Each of the SENTINEL-2 satellites weighs approximately 1.2 tonnes, and is designed to be compatible with small launchers like VEGA and ROCKOT. The satellite lifespan is 7.25 years, which includes a 3 month in-orbit commissioning phase. Batteries and propellants have been provided to accommodate 12 years of operations, including end of life de-orbiting manoeuvres.
Two identical SENTINEL-2 satellites will operate simultaneously, phased at 180° to each other, in a sun-synchronous orbit at a mean altitude of 786 km. The position of each SENTINEL-2 satellite in its orbit will be measured by a dual-frequency Global Navigation Satellite System (GNSS) receiver. Orbital accuracy will be maintained by a dedicated propulsion system.
The SENTINEL-2 satellite system is being developed by an industrial consortium led by Astrium GmbH (Germany). Astrium SAS (France) is responsible for the MultiSpectral Instrument (MSI).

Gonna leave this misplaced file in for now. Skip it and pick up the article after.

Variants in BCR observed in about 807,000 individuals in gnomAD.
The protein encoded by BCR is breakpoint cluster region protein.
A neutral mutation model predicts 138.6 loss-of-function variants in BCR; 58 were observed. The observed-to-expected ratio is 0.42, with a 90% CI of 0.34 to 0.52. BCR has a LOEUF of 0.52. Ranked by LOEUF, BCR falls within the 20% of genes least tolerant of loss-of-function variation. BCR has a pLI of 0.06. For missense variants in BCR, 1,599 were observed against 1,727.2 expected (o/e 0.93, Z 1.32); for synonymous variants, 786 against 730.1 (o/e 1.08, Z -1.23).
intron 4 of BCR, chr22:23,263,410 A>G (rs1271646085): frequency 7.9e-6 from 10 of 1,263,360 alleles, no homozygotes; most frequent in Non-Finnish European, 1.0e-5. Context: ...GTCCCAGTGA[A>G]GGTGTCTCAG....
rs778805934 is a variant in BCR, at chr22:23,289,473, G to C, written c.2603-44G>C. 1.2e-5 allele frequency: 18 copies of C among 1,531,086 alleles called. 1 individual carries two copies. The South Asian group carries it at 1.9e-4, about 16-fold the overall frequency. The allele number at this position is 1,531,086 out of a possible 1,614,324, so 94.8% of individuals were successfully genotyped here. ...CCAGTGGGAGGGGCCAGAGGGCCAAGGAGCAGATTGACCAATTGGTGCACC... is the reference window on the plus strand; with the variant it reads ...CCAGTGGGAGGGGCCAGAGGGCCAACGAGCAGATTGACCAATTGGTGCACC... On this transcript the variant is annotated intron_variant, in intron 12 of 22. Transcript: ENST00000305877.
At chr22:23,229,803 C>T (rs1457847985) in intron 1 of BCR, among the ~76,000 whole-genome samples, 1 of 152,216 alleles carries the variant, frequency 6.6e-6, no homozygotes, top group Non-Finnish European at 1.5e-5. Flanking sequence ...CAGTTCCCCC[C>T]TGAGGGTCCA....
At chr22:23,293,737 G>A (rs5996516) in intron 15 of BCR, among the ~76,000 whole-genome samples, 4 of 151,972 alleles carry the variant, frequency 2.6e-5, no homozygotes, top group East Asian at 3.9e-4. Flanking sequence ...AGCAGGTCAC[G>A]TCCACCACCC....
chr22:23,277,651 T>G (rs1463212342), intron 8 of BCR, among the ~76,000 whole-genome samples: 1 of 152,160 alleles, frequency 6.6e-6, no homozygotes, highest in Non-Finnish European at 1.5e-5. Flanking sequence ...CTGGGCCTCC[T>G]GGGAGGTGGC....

The MSI works passively, by collecting sunlight reflected from the Earth. New data is acquired at the instrument as the satellite moves along its orbital path. The incoming light beam is split at a filter and focused onto two separate focal plane assemblies within the instrument; one for Visible and Near-Infra-Red (VNIR) bands and one for Short Wave Infra-Red (SWIR) bands . The spectral separation of each band into individual wavelengths is accomplished by stripe filters mounted on top of the detectors.
Figure 1: Schematic View of the Deployed SENTINEL-2 Spacecraft (image credit: EADS Astrium)
The optical design of the MSI telescope allows for a 290 km Field Of View (FOV).
A shutter mechanism prevents the instrument from direct illumination by the sun in orbit and to avoid contamination during launch. The same mechanism functions as a calibration device by collecting the sunlight after reflection by a diffuser.